Marxist philosophy holds that the most important problem does not lie in understanding the laws of the objective world and thus being able to explain it, but in applying the knowledge of these laws actively to change the world.


RVR writes:

But Marxism was not Marxism, if it consisted of laws and discoveries that must constantly be reviewed and adapted.

Marxism is the theories of reality. It is not a static set of unchangeable laws – such view would be a mechanical view. There are laws for the development of eg. capitalism, and Marxism will describe these laws. But Marxism is a theory written by humans, and is therefore not without errors and omissions. Large parts of Marxism have proved their validity in practice, while other parts have been proven only under given conditions and must therefore be adapted to the actual reality in which we live in line with the actual reality it is applied to. Mao writes:

The active function of knowledge manifests itself not only in the active leap from perceptual to rational knowledge, but–and this is more important–it must manifest itself in the leap from rational knowledge to revolutionary practice. The knowledge which grasps the laws of the world, must be redirected to the practice of changing the world, must be applied anew in the practice of production, in the practice of revolutionary class struggle and revolutionary national struggle and in the practice of scientific experiment. This is the process of testing and developing theory, the continuation of the whole process of cognition. The problem of whether theory corresponds to objective reality is not, and cannot be, completely solved in the movement of knowledge from the perceptual to the rational, mentioned above. The only way to solve this problem completely is to redirect rational knowledge to social practice, apply theory to practice and see whether it can achieve the objectives one has in mind.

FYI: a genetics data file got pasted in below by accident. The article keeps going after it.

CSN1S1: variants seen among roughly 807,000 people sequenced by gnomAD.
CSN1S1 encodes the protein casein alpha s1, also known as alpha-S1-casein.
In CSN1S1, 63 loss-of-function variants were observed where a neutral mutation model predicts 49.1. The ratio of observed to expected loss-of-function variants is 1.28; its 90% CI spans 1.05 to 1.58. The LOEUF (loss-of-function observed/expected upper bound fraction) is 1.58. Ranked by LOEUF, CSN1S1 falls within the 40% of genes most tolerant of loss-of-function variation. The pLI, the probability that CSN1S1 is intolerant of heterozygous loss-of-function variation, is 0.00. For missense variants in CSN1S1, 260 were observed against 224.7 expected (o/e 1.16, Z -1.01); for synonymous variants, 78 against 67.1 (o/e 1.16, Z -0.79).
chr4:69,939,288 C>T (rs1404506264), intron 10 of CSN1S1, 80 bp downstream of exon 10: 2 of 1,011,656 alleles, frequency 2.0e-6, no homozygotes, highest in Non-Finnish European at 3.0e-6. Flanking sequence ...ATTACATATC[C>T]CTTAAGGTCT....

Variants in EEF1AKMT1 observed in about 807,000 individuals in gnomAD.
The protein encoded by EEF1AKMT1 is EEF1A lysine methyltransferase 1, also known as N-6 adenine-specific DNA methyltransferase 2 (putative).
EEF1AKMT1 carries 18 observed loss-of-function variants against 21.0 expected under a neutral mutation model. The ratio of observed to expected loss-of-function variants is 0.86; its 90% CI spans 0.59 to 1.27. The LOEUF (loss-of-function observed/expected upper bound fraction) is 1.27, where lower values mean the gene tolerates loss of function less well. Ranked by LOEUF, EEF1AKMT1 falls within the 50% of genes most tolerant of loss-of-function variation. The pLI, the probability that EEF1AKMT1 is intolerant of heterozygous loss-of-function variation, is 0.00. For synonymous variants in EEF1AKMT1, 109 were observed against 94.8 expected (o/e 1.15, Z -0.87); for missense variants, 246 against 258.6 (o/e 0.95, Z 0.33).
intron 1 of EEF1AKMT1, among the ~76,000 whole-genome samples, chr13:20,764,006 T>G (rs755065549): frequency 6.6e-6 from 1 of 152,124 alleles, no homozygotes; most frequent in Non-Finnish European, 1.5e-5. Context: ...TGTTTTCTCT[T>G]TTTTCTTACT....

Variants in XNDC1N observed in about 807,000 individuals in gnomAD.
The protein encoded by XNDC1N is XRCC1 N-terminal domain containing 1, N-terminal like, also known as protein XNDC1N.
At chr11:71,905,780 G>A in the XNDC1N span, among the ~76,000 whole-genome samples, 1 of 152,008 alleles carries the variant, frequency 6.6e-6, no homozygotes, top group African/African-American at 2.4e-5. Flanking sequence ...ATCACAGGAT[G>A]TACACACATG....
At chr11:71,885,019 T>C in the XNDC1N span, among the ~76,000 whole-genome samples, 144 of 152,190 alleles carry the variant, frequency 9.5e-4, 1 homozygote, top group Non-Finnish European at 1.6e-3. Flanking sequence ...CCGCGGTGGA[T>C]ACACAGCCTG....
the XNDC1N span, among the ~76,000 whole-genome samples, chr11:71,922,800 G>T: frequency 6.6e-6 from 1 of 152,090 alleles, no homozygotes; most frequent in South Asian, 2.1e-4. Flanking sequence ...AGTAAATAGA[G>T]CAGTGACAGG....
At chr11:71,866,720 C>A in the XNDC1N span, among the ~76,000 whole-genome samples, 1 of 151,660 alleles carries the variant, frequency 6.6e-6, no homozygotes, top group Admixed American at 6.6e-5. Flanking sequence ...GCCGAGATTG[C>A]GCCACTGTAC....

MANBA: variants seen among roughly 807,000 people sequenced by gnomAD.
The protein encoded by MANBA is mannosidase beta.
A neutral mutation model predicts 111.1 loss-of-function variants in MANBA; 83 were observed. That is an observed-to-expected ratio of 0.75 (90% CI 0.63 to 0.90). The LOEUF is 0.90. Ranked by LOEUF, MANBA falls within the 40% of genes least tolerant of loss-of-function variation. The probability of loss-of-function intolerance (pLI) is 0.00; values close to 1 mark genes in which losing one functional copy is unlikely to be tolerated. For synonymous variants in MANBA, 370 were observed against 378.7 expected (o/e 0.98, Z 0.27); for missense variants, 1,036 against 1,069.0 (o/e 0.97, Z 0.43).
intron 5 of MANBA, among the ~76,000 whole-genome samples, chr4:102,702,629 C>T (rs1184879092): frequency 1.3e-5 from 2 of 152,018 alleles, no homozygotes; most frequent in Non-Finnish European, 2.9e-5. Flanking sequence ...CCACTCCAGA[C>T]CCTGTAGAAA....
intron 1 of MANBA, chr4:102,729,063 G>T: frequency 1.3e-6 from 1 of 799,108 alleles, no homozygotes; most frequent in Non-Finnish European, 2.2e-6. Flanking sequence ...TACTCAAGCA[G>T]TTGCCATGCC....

It is precisely this assessment of the theory against the goals that dogmatists and puritists are skipping. The consequence of this is that they do not learn from their mistakes, but continue to make mistakes. What is the goal of the communists in Norway today? Isn’t the first goal to build a strong communist party? How is this going? Is the communist organization getting bigger and stronger, or fewer and weaker? Such questions must be asked. If we have a decline we must find the cause and change the practice. Theory is a guide to practice, so derived from this we must also correct any theory that stands in the way of correct practice.

RVR writes:

Adapting Marxism is in its essence revising it, and it is a hallmark of opportunism that it will adapt to the prevailing conditions and to what other people think, rather than attempting to change these conditions and peoples.